A greater share of the renewables could be a double-edged sword. By entering at 0 marginal cost and having priority in all energy dispatching, the system costs associated with generation will decrease, as well as those of ancillary services. Therefore, the remuneration for renewables will also decrease on the one hand —a phenomenon also known as price “cannibalization”— while, on the other hand, the curtailment will increase due to grid constraints.
«Integrating renewables into the system and making them dispatchable can be a challenging in a context of changes, not only technological, but also regulatory ones»
Storage will definitely be a decisive factor of action to increase the technical capacity of renewables for primary and secondary regulation, as well as the deviation restoration and voltage control (ancillary services). Similarly, it will serve to reduce the curtailment and increase the captured price from the renewables. A well-managed storage profile will indeed avoid significant discharges at low prices in the high generation of renewables. Moreover, it will make it possible for energy to be poured out when the system allows it —with less renewables and better prices— and thus increasing both the captured price for its retribution and the energy supplied to the system. It should be added that the operating procedures associated with storage (Balance OPs) are expected to come into force at the end of 2020.
Certainly, integrating renewables into the system and making them dispatchable can be a challenging in a context of changes, not only technological, but also regulatory ones. Fortunately, there are technological solutions focused on reality and foresight that have been analyzed before. An example of this could be the AGC System developed by Isotrol, which will make possible an exclusive secondary regulation zone for wind energy and, in the near future, for photovoltaics and storage.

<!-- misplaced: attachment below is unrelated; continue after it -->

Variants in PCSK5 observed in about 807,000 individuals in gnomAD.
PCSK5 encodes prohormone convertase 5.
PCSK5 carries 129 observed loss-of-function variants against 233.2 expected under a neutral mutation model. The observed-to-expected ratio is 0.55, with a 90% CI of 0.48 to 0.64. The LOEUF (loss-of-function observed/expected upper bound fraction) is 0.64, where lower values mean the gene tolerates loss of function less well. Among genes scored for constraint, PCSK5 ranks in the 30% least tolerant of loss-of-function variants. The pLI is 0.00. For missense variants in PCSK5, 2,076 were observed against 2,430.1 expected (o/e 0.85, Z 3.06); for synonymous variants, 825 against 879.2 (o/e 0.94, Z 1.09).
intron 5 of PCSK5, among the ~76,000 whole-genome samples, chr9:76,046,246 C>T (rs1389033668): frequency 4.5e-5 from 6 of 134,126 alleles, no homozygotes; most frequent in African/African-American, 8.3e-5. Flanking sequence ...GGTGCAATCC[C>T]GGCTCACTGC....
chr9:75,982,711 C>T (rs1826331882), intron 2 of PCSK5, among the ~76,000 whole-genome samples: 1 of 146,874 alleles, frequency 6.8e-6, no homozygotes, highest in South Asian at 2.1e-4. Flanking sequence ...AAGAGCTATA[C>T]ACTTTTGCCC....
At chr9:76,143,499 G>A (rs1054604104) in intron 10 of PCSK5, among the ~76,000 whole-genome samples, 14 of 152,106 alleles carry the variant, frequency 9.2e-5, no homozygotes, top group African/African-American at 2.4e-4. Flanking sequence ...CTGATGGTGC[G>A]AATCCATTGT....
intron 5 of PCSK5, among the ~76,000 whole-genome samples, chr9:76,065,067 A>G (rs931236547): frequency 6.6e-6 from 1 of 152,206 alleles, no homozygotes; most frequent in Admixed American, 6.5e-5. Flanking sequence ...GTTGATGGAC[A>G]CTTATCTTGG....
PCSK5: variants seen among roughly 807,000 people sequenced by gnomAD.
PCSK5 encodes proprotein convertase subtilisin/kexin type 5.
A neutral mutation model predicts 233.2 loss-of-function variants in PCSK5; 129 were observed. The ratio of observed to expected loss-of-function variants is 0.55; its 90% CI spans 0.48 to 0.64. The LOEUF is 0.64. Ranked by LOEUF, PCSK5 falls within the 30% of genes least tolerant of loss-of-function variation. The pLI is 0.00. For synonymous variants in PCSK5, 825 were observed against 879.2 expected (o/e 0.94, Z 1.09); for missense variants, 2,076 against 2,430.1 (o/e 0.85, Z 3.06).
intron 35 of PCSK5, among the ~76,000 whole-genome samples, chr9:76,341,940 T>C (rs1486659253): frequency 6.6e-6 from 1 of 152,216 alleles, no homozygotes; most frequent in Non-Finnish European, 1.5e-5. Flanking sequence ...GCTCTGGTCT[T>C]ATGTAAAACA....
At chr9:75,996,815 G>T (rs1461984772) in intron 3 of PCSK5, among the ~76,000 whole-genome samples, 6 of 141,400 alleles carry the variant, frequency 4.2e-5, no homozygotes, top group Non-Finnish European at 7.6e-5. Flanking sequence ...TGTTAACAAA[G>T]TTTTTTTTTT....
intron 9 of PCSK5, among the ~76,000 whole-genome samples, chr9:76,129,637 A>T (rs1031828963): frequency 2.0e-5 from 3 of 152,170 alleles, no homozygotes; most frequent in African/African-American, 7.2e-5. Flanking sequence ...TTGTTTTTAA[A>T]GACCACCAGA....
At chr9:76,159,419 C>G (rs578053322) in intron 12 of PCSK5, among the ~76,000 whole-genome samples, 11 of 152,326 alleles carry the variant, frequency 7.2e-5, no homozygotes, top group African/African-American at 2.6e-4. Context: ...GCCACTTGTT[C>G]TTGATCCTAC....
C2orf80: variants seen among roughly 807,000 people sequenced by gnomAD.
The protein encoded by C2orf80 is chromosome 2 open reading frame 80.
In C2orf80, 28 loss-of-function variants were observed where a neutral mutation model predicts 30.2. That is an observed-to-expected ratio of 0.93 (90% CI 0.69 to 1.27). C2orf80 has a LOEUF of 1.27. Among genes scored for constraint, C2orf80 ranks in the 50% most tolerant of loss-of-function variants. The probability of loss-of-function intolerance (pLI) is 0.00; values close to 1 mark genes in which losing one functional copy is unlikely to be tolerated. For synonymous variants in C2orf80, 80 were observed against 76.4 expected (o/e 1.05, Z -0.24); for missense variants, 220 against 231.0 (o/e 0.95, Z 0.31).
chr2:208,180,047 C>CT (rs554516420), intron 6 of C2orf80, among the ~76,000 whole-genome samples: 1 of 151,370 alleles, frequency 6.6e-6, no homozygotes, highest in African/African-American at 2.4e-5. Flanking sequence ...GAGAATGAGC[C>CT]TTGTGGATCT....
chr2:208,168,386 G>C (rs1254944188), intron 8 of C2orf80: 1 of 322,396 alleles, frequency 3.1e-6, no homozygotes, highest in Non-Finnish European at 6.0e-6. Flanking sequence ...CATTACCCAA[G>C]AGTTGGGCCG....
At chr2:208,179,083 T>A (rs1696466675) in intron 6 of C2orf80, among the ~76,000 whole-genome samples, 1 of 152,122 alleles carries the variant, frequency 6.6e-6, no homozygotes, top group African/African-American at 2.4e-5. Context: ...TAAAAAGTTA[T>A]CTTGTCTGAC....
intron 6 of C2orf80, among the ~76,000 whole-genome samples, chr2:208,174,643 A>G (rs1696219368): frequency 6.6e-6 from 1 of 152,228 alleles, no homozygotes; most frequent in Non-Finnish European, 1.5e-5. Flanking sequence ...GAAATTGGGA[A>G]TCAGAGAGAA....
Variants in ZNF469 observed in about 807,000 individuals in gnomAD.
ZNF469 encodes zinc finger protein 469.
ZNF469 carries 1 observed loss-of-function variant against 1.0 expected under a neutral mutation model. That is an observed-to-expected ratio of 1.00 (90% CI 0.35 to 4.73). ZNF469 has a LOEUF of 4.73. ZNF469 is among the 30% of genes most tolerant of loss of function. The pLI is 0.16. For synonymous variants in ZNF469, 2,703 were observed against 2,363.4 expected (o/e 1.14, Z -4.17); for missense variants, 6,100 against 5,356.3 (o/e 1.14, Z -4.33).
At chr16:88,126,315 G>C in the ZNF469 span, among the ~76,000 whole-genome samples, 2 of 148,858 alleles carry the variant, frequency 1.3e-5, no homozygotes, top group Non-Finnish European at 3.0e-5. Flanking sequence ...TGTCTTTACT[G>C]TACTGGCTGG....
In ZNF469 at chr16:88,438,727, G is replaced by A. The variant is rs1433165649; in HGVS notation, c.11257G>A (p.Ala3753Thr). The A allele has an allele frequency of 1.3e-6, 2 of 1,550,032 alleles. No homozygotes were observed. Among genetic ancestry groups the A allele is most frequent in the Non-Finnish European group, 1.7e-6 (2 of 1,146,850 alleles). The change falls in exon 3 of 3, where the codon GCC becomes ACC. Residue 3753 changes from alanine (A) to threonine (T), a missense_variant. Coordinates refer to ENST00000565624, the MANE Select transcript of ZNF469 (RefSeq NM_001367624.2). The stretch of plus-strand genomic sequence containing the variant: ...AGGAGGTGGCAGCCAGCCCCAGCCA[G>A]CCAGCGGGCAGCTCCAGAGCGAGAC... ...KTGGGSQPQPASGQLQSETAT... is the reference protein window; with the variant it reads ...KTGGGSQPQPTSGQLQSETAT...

Currently, our Local Control Systems (in particular the PPC) allow the renewables to comply with the EU regulation 2016/631 and have the frequency compensation functions they require. Moreover, our Reactive Power Control system is fully compatible with the new secondary and tertiary voltage control service that the REE (corporation which operates the national electricity grid in Spain) will provide shortly, and where the participation of renewables will be mandatory to provide stability to the system. In fact, our control system is already being used to manage the distribution of reactive energy at nodes affected by a significant number of plants. In addition, our Active Power Control allows not only the integrated dispatch of the active power in these nodes, but is also compatible with the new power reduction service that the REE is also going to implement shortly, which will control the power and dynamics of it.
Regarding storage, as it has been mentioned before, we know that it will affect the firmness of renewable generation, the participation in secondary regulation, the one in the reactive and voltage support service, and to the increase in the captured price from renewables on the market. Having this in mind, Isotrol has already developed its first EMS to control the state of charge of batteries, whether they are isolated or in hybrid plants.
Consequently, it is possible to ensure the dispatchability of the renewables in such uncertainty context, in which their power is controlled and in which they can participate in ancillary services to increase their remuneration. Overcoming this challenge successfully not only depends on the capabilities of the selected technological partner, but also on their ability to analyze the different scenarios and develop solutions with high added value for both the renewable industry and the electricity system.